Banking is a highly regulated industry, and for good reason. When one bank fails, it often takes others down with it. During the Great Recession, many banks as well as accounting firms shuttered their doors. The result was a huge financial mess that required a government bailout and caused many people to lose their homes and livelihoods. All business owners, managers and leaders should be aware of these four recent regulatory changes.

CECL

CECL stands for calculated expected credit loss. It refers to the process that lenders use when evaluating the risk of a default and how much they would lose from the default. On January 1, 2020, the CECL regulations will change. Among other things, CECL will change the way that lenders account for expected losses on delinquent debt. Banks will use a set of standardized procedures in order to calculate their expected losses.

Enhancement of Consumer Privacy

The GDPR in Europe and the new California Consumer Privacy law may trigger more widespread protections for consumer privacy in the near future. These laws are related to what information lenders can collect, what they can do with it, who can see it and how they must protect it. Consumers will have the right to tell lenders how not to use their information. They can also ask for their information to be deleted. Consumers will have the right to sue lenders for loss or misuse of their data.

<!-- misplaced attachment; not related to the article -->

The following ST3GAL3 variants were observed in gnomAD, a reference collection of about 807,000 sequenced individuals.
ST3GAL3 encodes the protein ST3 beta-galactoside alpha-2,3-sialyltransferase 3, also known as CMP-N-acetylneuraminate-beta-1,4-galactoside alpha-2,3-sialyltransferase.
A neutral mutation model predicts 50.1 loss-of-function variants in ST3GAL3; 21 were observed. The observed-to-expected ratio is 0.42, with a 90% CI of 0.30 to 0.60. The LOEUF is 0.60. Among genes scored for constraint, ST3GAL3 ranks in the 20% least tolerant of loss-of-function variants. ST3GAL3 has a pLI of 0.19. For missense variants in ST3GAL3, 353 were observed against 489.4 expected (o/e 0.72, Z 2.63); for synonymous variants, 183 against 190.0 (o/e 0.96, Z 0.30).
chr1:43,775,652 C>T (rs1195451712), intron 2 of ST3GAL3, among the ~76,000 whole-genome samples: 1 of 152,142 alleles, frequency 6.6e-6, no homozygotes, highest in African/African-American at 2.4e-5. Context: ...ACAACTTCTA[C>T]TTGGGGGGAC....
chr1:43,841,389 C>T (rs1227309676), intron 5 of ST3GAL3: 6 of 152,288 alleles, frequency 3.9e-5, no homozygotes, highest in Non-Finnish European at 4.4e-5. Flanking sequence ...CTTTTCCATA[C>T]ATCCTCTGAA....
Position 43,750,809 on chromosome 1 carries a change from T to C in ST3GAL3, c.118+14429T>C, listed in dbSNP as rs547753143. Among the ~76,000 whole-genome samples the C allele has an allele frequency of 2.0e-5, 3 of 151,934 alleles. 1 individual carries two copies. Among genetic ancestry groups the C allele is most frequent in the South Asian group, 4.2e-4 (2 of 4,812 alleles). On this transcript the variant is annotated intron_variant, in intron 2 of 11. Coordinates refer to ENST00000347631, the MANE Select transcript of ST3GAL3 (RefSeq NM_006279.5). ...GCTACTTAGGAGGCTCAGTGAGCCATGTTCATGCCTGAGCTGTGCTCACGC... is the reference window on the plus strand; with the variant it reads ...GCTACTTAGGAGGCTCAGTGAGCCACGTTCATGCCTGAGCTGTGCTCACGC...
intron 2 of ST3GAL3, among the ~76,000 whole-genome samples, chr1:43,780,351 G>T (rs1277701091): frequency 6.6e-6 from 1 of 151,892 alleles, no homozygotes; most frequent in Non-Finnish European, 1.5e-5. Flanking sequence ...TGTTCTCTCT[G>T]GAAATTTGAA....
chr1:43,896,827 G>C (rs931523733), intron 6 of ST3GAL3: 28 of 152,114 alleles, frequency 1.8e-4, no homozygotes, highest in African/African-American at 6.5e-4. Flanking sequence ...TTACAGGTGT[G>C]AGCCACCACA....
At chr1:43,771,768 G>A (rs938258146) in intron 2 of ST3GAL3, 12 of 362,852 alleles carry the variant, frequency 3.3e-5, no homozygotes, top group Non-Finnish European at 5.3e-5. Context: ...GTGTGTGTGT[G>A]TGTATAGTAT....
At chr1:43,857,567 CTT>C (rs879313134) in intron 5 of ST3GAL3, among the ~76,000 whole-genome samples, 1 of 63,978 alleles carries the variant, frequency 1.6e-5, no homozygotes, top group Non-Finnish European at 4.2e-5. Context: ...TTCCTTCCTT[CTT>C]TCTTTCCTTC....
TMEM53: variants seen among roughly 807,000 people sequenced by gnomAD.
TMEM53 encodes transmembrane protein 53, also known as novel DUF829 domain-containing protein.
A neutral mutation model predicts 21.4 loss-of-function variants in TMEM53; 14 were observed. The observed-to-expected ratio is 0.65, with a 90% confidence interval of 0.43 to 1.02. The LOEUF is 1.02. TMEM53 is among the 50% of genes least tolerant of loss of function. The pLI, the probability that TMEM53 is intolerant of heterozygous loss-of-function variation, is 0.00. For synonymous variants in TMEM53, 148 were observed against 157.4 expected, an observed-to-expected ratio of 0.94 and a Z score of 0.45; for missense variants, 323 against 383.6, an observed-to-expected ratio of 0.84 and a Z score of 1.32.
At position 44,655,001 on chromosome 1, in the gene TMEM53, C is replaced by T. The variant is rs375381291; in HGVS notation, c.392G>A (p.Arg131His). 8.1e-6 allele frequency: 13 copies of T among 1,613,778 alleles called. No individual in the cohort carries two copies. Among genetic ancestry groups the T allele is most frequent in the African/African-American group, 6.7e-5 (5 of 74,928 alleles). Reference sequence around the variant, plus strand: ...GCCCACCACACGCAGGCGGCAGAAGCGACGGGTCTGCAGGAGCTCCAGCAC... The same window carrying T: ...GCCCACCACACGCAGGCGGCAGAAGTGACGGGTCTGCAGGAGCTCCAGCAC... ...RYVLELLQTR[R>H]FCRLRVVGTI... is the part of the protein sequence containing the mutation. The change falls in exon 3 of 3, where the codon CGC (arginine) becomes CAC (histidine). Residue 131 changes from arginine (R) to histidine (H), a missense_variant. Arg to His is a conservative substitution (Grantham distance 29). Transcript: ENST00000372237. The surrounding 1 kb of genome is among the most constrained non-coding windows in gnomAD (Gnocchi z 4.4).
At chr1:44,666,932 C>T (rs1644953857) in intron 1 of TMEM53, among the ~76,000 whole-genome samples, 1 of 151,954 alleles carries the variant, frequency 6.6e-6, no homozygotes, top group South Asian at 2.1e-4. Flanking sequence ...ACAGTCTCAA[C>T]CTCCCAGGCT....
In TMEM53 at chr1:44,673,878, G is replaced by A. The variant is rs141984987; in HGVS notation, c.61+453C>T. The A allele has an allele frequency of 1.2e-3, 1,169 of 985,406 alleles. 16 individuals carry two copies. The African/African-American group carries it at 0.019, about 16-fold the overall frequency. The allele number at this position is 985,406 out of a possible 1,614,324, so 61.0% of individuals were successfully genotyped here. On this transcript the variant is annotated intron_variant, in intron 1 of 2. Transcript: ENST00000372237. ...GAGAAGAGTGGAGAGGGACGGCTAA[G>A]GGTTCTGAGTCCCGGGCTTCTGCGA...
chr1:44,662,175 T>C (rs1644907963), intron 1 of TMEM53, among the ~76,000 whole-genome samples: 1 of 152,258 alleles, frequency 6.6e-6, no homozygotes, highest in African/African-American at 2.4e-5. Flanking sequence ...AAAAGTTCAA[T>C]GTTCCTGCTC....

Enforcement of Financial Crimes Enforcement Network

The Financial Crimes Enforcement Network is an investigative branch. It looks at financial crimes of a complex nature in banking networks. There are new regulations in place with stricter procedures and more disciplinary options available for infractions and major violations.

Misleading Mortgage Advertising

Many new regulations are designed to protect the consumer. One is related to misleading advertising for mortgages. The new regulation prohibits misrepresenting the mortgage product in any type of an advertisement. It permits state attorney generals and federal investigators to prosecute such violations. The regulation is a part of the Dodd-Frank Act.

Businesses need to keep up with all of these regulatory changes. Staying in compliance with the regulations helps lending institutions avoid fines, and makes things smoother for borrowers. Maintaining compliance also demonstrates an attention to detail, and this is important for reputation management and the recruitment of new borrowers who are seeking different types of loan products.

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